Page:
The compost heap…

is, undeniably, one of the most important components of any allotment or garden. Mine comprises four upright pallets tucked away between the shed and the blackberry bush.

Compost bin between shed and blackberry bushI really end the plotting season with the compost heap as anything to go on it now I’ll put into old plastic compost bags which will start the new heap off in the spring. The foliage under the blackberry bush on the right are all the pot marigolds which I’ve been pulling up over the past few weeks, which will also go onto the new heap.

There are only a few things that I don’t add to my heap, such as blackberry and rose prunings, blighted potato and tomato plants and cooked food.  Just about everything else does, and I don’t bother to fork it over.  Here’s the excellent Garden Organic webpage on How to make compost.

Come late February or early March, if the weather is okay and the ground isn’t soggy, I’ll empty it out onto the plot using a borrowed wheelbarrow. That really will be the start of next year’s plotting season.  When I do I’ll no doubt have a robin keeping me company. This is the one I mentioned last Sunday perched on top of the bamboo canes singing away.

Robin perched on the bamboo canes

Tuesday’s Sofa flying blog post was Current reading November 2011.

Have a good weekend!

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About Flighty

...allotmenteer, armchair gardener, blogger and sofa flyer.
This entry was posted in Flighty's plot. Bookmark the permalink.

32 Responses to The compost heap…

  1. Everything seems nice and tidy,Flighty. I am presuming that is not a real fox posing for the camera.:)

  2. Jo says:

    I really need to give my compost bins some attention, they need sorting and emptying. That’s a lovely photo of the robin, he looks a well fed chap, I bet he hangs round the allotment waiting for worms.

  3. Joanne says:

    The fox does look real? My bins are full so we have had to start a pile on one of the veg beds. Several turnings will be needed I think.

    • Flighty says:

      Joanne he was given to me by Mary, a plot neighbour, when I took the plot on and he’s been resident ever since. It sounds like you’ve plenty of compost on the go. xx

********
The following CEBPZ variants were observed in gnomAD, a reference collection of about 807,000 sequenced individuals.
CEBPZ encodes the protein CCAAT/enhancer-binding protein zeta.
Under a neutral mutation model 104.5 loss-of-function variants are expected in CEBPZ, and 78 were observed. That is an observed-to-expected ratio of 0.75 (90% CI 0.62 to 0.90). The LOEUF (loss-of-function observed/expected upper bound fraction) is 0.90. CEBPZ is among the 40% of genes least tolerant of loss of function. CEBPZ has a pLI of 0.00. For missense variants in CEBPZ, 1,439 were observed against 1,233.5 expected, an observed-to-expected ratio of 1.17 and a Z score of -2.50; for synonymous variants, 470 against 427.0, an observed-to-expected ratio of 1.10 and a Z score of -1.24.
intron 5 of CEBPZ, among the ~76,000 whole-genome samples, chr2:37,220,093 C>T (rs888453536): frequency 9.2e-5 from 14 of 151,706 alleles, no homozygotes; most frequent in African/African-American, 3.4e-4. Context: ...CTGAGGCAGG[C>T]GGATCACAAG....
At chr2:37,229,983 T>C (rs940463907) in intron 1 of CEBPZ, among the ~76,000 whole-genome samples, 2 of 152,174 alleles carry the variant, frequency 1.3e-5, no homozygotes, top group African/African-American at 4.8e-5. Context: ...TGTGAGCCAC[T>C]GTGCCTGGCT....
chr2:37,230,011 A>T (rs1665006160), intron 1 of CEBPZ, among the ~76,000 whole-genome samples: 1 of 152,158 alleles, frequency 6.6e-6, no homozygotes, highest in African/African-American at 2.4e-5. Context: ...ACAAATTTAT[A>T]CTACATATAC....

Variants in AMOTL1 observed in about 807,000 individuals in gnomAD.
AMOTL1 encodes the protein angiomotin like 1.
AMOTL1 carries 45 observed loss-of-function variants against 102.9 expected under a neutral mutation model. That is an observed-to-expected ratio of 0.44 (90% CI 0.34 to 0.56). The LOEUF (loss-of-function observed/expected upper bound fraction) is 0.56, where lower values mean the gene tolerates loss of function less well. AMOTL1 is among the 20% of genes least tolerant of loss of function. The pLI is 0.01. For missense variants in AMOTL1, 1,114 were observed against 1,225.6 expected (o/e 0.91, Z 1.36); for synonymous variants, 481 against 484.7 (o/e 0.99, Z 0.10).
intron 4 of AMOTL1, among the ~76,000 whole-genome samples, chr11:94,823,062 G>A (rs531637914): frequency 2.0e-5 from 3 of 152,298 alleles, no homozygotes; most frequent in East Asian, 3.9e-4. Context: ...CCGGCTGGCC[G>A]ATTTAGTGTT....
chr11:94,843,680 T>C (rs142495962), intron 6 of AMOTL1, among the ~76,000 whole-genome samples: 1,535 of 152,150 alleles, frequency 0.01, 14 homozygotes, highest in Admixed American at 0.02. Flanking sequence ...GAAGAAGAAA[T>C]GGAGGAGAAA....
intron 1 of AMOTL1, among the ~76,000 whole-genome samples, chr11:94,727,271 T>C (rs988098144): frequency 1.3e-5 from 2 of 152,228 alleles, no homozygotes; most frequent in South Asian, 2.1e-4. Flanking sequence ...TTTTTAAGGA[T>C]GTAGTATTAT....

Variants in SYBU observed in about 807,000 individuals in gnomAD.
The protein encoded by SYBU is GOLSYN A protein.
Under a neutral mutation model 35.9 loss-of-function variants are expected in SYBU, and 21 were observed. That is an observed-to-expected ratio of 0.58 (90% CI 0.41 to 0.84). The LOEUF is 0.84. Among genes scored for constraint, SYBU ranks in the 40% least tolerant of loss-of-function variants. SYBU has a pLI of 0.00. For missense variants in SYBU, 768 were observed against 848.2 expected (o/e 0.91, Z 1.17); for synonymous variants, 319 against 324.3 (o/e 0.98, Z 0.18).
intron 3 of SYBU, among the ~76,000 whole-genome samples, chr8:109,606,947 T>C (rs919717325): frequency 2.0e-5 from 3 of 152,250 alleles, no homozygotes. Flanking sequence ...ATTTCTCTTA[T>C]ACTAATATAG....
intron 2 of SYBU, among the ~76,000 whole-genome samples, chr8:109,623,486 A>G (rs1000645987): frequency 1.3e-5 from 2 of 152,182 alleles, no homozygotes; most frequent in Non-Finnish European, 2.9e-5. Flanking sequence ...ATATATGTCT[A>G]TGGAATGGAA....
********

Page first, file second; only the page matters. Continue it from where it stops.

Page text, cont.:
4. nikkipolani says:

    Sounds like you’ve got a good system for your compost needs. And cute chubby birds to accompany you all the way!

  5. glo says:

    Lovely to see the robin, and it must be a good feeling to know that the compost is preparing itself for next year’s plotting.

  6. Doris says:

    I love that sweet little Robin. 🙂

  7. snowbird says:

    Lol, glad to see Junior is taking care of everything. What an adorable little robin, they are such cheeky birds aren’t they….xxx

  8. Mark Willis says:

    I concur: compost is the mainstay of my garden’s nutrition too. I usually distribute the finished compost from my bins during the Christmas holiday, so that it has time to be worked into the soil by worms etc. I hope the weather during the holiday period allows this to happen…

  9. menhir1 says:

    Little birdie seems to be comfortable on the plot, or does it just seem that way because of the variety of pictures here?

    You get an awful lot of therapeutic activity and time at the plot, also, the fruits of your labours. It is interesting what can be done in a confined area with a certain amount of thought and planning. xx

  10. CJ says:

    The robin photo is fantastic, well done you for capturing it so perfectly. There was one following me at the allotment on Tuesday, but I didn’t get a decent shot at all. I love the plot photo as well, I always like a view of other people’s plots. The compost heap made from pallets is a great idea.

    • Flighty says:

      CJ thanks. I was lucky as they can often be difficult to get good photos of. It’s nice to know that you like the plot photo. The other good thing about using pallets is that they last for years. xx

  11. Isn’t compost wonderful? I love that waste turns into plant food, and with no effort from me at all – apart from occasionally mixing in some cardboard or paper if it is getting a little sludgy.

  12. elaine says:

    Like you I will be spreading my compost before the start of the planting season – it always amazes me that all the old rubbish can turn into something so useful – p.s. I still have marigolds flowering but the nasturtiums have now hit the dust.

    • Flighty says:

      Elaine well done, it amazes me as well. I just have a couple of pot marigolds still flowering, but the nasturtiums went mushy after a really frosty night. xx

  13. Carlie says:

    So lovely to see the Robin. What a great photo x

  14. Sharon says:

    That Robin is lovely, I have a tame blackbird that follows me around waiting for me to turn up worms. The photo of the plot is great and I love the baby fox, he looks so real. Compost is gold!
    Sharon

  15. A truly beautiful picture of your Robin Flighty. Well done for capturing him at just the right moment. xx

  16. Liz says:

    “Black gold” is a good description of compost. One of the best Christmas presents I was given one year was a 3-tier bin which can be moved, tier by tier, to permit access to the compost within. There are vents all around and a lid with holes for aeration.
    Do you gather your bamboo canes at the end of the season and tie them together? That is the impression I get from the robin perch.

    • Flighty says:

      Liz all gardens and plots should have a compost heap. That’s a proper gardener’s present!
      Yes I do. The six and eight foot canes stand tied up next to shed, which are what the robin is perching on and the shorter ones go in the shed. xx

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